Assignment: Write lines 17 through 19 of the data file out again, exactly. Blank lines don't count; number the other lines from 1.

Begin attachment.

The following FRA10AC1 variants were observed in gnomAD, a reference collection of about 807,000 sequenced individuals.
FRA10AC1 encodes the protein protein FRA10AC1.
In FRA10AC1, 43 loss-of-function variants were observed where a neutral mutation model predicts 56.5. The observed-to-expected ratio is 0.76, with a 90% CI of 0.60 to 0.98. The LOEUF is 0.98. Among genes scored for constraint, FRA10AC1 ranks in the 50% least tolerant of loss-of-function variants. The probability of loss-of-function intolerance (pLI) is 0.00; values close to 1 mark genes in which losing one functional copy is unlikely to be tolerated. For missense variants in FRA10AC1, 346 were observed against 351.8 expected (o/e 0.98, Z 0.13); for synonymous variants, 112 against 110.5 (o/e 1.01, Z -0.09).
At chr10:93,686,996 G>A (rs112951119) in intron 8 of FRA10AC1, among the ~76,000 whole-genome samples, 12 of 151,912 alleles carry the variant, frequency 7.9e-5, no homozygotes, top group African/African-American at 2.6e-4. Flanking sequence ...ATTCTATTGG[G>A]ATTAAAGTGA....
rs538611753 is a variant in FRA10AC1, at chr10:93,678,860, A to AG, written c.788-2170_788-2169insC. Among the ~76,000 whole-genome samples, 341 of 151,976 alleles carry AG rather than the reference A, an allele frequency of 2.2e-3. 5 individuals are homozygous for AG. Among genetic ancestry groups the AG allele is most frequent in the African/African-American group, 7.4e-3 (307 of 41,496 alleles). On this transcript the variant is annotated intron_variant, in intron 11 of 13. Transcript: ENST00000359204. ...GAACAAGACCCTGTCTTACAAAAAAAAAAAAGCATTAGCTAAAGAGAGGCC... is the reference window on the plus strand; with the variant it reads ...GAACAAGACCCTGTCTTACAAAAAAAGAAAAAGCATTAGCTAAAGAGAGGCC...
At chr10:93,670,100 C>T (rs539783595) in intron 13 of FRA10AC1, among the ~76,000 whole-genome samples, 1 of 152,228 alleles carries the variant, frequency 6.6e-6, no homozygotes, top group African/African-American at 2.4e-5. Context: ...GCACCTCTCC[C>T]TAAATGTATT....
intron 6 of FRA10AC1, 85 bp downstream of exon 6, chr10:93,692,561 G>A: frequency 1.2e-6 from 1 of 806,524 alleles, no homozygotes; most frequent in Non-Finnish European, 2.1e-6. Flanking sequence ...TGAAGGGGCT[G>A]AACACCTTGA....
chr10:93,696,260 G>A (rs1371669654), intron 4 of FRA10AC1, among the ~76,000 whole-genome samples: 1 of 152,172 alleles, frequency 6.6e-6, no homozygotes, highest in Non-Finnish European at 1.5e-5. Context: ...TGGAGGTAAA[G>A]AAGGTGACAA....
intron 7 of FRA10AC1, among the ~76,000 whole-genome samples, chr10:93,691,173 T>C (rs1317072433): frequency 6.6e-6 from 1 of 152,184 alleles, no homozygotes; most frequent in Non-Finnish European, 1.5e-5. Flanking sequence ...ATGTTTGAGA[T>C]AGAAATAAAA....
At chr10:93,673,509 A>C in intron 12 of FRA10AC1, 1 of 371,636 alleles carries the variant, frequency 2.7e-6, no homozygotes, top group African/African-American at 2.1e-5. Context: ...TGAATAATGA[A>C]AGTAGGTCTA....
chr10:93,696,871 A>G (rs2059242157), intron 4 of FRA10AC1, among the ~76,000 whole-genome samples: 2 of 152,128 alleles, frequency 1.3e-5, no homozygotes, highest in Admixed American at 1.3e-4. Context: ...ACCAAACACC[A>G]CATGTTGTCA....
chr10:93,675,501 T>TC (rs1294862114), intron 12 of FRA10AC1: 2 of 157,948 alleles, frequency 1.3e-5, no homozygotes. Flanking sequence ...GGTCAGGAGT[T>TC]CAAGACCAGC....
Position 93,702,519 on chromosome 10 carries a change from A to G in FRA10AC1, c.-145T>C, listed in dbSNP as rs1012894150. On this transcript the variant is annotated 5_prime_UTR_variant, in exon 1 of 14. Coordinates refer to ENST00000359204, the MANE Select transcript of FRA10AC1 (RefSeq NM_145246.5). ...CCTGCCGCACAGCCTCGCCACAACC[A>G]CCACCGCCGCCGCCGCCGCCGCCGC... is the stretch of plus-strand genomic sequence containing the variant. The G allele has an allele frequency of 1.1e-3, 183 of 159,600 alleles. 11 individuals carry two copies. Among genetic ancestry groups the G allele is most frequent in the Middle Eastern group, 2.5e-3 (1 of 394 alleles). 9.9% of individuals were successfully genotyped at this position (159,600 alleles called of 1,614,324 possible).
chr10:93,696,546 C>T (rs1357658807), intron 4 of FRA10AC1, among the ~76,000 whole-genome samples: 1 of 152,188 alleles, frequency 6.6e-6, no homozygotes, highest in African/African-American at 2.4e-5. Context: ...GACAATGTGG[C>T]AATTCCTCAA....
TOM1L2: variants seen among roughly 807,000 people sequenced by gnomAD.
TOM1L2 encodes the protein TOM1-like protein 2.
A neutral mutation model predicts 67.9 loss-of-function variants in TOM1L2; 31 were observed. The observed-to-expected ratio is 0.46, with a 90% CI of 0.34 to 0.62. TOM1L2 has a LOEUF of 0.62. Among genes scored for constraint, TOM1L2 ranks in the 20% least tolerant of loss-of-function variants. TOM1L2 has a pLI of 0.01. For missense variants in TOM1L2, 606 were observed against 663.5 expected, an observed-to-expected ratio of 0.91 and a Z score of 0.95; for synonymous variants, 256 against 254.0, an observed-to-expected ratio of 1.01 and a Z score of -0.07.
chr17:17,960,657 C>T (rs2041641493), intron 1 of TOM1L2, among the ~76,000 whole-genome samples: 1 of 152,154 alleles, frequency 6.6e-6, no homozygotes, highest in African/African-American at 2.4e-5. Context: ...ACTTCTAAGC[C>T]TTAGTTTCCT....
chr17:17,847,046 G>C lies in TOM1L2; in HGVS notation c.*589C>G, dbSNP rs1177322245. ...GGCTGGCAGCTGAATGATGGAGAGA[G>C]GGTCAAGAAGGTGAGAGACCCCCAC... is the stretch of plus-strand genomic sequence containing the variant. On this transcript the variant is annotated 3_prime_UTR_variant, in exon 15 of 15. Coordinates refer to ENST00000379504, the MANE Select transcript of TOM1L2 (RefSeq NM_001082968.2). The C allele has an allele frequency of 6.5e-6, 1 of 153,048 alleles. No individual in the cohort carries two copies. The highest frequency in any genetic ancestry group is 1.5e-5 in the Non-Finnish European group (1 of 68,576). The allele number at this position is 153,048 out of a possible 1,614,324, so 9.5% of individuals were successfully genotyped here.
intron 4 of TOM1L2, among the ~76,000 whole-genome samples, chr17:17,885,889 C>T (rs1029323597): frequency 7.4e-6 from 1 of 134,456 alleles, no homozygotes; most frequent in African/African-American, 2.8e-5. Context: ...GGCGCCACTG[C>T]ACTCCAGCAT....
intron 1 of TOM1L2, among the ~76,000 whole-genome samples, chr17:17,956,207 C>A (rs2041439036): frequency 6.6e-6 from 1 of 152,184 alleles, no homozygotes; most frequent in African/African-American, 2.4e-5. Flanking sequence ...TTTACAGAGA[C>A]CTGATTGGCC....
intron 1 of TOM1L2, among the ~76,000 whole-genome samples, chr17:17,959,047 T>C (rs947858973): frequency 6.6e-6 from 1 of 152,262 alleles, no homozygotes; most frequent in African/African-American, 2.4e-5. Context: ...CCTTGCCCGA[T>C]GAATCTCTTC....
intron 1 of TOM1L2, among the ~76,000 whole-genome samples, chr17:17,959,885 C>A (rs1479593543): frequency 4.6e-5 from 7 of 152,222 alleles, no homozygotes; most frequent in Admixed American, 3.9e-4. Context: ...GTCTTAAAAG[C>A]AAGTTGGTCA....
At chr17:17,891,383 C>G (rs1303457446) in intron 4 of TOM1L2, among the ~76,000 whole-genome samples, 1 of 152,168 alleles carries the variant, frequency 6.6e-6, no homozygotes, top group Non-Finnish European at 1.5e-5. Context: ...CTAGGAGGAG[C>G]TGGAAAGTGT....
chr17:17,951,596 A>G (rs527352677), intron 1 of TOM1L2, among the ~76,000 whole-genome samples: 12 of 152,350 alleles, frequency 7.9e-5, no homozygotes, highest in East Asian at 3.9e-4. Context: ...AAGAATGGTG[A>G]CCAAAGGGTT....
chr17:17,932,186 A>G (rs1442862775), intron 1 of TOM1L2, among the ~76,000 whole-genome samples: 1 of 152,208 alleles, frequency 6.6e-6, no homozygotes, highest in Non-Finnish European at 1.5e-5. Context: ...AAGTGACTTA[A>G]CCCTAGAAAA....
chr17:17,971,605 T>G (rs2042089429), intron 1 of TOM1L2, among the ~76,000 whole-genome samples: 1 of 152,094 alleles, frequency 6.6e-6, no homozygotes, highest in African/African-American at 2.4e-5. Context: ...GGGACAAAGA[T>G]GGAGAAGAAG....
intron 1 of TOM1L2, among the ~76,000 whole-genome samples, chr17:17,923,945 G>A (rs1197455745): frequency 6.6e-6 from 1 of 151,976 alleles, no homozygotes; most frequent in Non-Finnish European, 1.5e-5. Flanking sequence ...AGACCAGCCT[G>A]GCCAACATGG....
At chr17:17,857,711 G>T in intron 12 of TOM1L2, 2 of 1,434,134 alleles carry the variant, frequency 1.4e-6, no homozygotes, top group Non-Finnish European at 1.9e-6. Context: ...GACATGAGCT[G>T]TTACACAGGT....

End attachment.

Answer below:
A neutral mutation model predicts 67.9 loss-of-function variants in TOM1L2; 31 were observed. The observed-to-expected ratio is 0.46, with a 90% CI of 0.34 to 0.62. TOM1L2 has a LOEUF of 0.62. Among genes scored for constraint, TOM1L2 ranks in the 20% least tolerant of loss-of-function variants. TOM1L2 has a pLI of 0.01. For missense variants in TOM1L2, 606 were observed against 663.5 expected, an observed-to-expected ratio of 0.91 and a Z score of 0.95; for synonymous variants, 256 against 254.0, an observed-to-expected ratio of 1.01 and a Z score of -0.07.
chr17:17,960,657 C>T (rs2041641493), intron 1 of TOM1L2, among the ~76,000 whole-genome samples: 1 of 152,154 alleles, frequency 6.6e-6, no homozygotes, highest in African/African-American at 2.4e-5. Context: ...ACTTCTAAGC[C>T]TTAGTTTCCT....
chr17:17,847,046 G>C lies in TOM1L2; in HGVS notation c.*589C>G, dbSNP rs1177322245. ...GGCTGGCAGCTGAATGATGGAGAGA[G>C]GGTCAAGAAGGTGAGAGACCCCCAC... is the stretch of plus-strand genomic sequence containing the variant. On this transcript the variant is annotated 3_prime_UTR_variant, in exon 15 of 15. Coordinates refer to ENST00000379504, the MANE Select transcript of TOM1L2 (RefSeq NM_001082968.2). The C allele has an allele frequency of 6.5e-6, 1 of 153,048 alleles. No individual in the cohort carries two copies. The highest frequency in any genetic ancestry group is 1.5e-5 in the Non-Finnish European group (1 of 68,576). The allele number at this position is 153,048 out of a possible 1,614,324, so 9.5% of individuals were successfully genotyped here.